Metrology
Metrology
Best Practice for Surface Plate Mastering
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Best Practice for Surface Plate Mastering
George Schuetz, Mahr Federal Inc.


Surface plates provide a broad, smooth, flat reference surface that can be extremely useful for inspecting incoming, in-process, or finished parts. When used in combination with various gages and accessories, such as height gages, gage blocks, angle plates, and squares, they can be used to check a wide range of parameters, including length, flatness, squareness, straightness, angle, feature location, and runout. Surface plates are simple and extremely versatile.

Surface plates come in a wide range of sizes, from about 12" x 12" to 6' x 12', and can weigh up to 10 tons. Three grades are available, the flatness tolerances for each grade varying with the size of the plate: AA (laboratory grade); A (inspection grade); and B (tool room grade). Many can be ordered with ledges and threaded inserts, both of which make it easier to clamp workpieces or accessories to the surface. Granite is the most common material used: it is harder and denser than steel, has very little internal stress, and is less subject to dimensional change due to temperature variations.

Any of the checks mentioned above can be done using a height gage and indicator as the measuring instrument and a gage block stack as the zero reference. However, there is a gaging technique that anyone can adapt to improve the overall performance of the measurement to be made. It's one that will improve those measurements when gaging performance to 50 µin or 1 micron is required.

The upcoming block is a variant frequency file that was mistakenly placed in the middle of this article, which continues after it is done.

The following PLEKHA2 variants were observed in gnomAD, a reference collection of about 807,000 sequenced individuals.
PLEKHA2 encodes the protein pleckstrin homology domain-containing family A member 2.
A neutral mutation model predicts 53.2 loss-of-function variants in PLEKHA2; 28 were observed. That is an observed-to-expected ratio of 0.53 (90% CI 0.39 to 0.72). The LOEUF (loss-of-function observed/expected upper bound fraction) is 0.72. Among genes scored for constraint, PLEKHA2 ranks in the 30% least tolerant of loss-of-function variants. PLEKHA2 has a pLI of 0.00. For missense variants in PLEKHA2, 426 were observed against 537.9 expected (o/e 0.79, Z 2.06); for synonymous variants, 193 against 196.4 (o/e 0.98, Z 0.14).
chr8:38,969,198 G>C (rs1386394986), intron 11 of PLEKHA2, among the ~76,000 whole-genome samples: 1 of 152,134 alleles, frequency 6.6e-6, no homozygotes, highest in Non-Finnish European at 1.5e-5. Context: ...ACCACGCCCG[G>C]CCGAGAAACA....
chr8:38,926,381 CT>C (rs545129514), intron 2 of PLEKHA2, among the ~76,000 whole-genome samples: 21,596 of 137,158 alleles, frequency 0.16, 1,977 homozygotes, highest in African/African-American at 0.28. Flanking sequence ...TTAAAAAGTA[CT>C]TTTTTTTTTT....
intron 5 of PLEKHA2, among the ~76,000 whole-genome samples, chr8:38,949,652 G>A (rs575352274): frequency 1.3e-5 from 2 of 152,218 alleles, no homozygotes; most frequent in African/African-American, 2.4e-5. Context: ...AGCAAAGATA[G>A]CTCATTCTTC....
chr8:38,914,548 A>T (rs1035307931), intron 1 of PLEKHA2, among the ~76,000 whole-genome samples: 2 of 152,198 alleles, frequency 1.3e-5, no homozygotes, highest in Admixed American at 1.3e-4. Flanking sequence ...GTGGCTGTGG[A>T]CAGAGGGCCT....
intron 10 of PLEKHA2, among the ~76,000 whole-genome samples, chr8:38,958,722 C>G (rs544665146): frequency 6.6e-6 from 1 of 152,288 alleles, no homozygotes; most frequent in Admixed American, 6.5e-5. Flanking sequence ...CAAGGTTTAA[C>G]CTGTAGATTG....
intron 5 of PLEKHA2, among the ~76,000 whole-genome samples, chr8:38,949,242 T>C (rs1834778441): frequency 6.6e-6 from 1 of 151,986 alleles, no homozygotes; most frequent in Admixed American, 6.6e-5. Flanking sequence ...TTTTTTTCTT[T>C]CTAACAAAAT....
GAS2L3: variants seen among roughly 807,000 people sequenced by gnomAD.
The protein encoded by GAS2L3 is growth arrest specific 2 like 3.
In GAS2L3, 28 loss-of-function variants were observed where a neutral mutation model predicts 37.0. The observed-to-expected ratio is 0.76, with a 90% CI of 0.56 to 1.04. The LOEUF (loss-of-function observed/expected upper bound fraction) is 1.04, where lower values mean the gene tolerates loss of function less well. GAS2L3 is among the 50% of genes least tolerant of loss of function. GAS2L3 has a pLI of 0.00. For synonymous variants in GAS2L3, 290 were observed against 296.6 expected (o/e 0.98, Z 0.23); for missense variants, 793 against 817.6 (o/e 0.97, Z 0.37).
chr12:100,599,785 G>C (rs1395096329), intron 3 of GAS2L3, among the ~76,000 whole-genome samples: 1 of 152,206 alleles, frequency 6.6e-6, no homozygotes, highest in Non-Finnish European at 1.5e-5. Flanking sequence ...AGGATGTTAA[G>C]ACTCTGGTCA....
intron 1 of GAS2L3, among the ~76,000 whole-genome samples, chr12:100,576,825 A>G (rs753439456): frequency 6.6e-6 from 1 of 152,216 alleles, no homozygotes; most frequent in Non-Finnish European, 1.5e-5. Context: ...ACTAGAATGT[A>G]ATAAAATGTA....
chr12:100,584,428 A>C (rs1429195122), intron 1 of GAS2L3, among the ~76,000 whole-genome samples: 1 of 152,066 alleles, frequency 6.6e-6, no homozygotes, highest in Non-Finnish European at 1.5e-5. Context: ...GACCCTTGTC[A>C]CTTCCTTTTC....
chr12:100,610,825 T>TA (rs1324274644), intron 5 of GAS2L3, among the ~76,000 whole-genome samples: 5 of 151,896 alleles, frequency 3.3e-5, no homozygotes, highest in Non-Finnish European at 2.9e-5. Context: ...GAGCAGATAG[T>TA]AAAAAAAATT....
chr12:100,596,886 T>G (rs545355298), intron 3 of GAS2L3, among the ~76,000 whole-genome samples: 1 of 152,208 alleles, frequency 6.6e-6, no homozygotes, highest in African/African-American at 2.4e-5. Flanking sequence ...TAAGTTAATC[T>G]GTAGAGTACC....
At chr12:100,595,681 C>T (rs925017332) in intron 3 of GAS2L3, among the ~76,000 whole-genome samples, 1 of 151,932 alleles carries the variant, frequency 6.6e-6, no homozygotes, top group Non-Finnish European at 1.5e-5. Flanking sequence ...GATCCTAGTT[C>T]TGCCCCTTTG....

The typical process for making a measurement on a surface plate is to place the part in one spot on the surface, the gage block stack in another, and the height gage in a third. This relationship is shown in Figure A. The height gage is first moved to the gage block along path (a), then on to the part along path (b). Once on the part the deviation between the gage block and the part is read on the indicator.

But think about what we are trying to accomplish and what we are actually doing in terms of getting to a performance level of 50 µin or 1 micron. As noted above, surface plates come in many different grades, and after use in the shop exist in many different conditions. In other words, there is always some level of variation in the surface plate to begin with, and there will always be some out-of-flatness or waviness condition. Typically, a surface plate might see a total flatness tolerance of 200 µin or 5 microns over its full surface. Plus, since the surface plate is being used in the shop, there is always the consideration of dirt, chips and scratches influencing the measurement.

Thus, if the performance we want to achieve is close to the flatness expected in the surface plate, then measuring just anywhere on the plate would not leave much tolerance available for comparing the master to the part. Since we are trying to get the most out of the measurement we need to reduce as many sources of errors as possible.

Therefore, to keep the influence of waviness or localized surface plate error to a minimum, the best practice is to keep the distance between the gage block stack and the part to a minimum. This reduces the distance the height gage needs to be repositioned. As shown in Figure B, placing the gage blocks as close as possible to the part allows the height gage to be moved very little to access the part. Minimizing the path minimizes the area of the surface plate used, and thus eliminates the amount of waviness error that the gage could be influenced by.

By using this minimalist technique we reduce the chance that waviness will affect our measurement and help achieve the results we are seeking.